Five O'Clock Somewhere

Welcome to Five O'Clock Somewhere, where it doesn't matter what time zone you're in; it's five o'clock somewhere. We'll look at rural life, especially as it happens in Rio Arriba County, New Mexico, cats, sailing (particularly Etchells racing yachts), and bits of grammar and Victorian poetry.

Friday, March 09, 2007

What Do You Do With a Drunken Sailor, prologue

Now that I know what the end of the story is, I needed to add something to the beginning. So here is the new beginning; if you are following the story, you need to read this part first, and then the first and second installments. I have provided a segue into the first installment.

I awoke, knowing something important had happened the night before, but otherwise not exactly being capable of rational thought. My head was experiencing shattering lightning bolts of pain, as if sledge hammers were being pounded against it on alternating sides, WHANG WHANG WHANG WHANG WHANG, incessantly. My mouth felt as if my tongue and the inner surfaces of my cheeks had been replaced with cotton balls, and there was a nasty sour taste that I wished I could swallow away, but there was no moisture with which I could accomplish that swallow. My stomach was churning up a hurricane-force storm as well, sending little spikes of bitter acid up to the back of my mouth, where the cotton worked to hold the acid in place.

There were sounds out there, most especially a loud moaning sound that I was eventually able to identify as that of ropes under tension, creaking. I had a feeling like whatever I was lying on was not stationary, but rather was moving in a light up-and-down motion. Gradually, my senses regained some ability to register my surroundings, and I realized I was lying down on a fairly firm surface, and my head was propped up on a weird structure that my hands probed and I eventually identified as a sloppily coiled-up rope. I seemed to have some vague memories of something having to do with that rope, and those memories seemed to have some importance, but my brain wasn’t making those connections.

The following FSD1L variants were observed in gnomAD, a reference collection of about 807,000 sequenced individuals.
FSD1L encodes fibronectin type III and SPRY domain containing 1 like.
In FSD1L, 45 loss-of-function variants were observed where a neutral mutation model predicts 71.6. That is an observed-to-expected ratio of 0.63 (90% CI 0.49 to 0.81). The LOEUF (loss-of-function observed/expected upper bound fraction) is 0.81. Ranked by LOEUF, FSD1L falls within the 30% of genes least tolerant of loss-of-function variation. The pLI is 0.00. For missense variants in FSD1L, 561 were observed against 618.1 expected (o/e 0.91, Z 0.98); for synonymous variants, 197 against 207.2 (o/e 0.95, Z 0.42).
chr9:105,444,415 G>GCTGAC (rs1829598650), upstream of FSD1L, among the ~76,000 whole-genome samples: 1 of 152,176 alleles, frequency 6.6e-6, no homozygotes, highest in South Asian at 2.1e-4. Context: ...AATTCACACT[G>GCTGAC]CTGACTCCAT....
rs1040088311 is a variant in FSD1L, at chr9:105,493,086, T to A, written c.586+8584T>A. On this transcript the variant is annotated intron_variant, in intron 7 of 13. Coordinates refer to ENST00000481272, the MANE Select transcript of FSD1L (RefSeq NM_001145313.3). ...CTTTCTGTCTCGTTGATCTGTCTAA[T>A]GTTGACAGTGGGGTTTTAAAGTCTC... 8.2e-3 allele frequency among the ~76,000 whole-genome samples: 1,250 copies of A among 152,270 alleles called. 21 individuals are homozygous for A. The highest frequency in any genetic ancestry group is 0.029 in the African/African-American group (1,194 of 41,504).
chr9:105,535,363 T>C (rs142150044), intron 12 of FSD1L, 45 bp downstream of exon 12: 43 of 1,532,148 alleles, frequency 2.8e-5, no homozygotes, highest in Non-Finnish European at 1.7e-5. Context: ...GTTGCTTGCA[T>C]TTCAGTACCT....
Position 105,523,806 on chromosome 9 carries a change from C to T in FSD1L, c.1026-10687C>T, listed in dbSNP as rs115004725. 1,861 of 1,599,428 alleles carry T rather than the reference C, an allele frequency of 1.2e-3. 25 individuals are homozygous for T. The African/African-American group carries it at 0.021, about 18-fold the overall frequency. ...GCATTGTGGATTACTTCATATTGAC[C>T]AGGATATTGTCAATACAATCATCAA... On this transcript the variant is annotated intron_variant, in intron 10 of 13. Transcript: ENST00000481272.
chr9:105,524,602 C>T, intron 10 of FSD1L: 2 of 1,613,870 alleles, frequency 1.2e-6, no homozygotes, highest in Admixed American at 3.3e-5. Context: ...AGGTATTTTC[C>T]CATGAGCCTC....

I came to realize that the clamor in my ears was really just my own heartbeat. I found myself wishing that it would stop, because being dead would be preferable to what I was now feeling, which, now that I noticed, seemed to include a sensation of being rocked back and forth.

Eventually, I worked up the energy to crack an eyelid open, and I regretted the lightning bolt of sunlight that entered in and pierced right through the eyeball to slam another shock of pain through my brain. I let the eyelid snap shut, but not before I’d taken an admittedly blurry snapshot of my surroundings.

I was in the cabin of a sailboat … I seemed to have some vague recollection of it from the night before. I was lying on the settee, with a table in front of me. From the angle at which I was lying, I couldn’t see much of what was on the table, just an empty bottle that had once contained cheap brandy. I could sort of sense that there were a couple of other things on the table, but I couldn’t see them well enough to know what they were.

How the hell had I ended up here, I asked myself. Vague pictures flicked themselves up on the inside of my eyelids, a charming fellow with bright-blue eyes, a tale he was telling me, something about his boat. Yeah, it was a good story he was telling me, I began to remember …

I was sitting in this bar, when a sailor came in …

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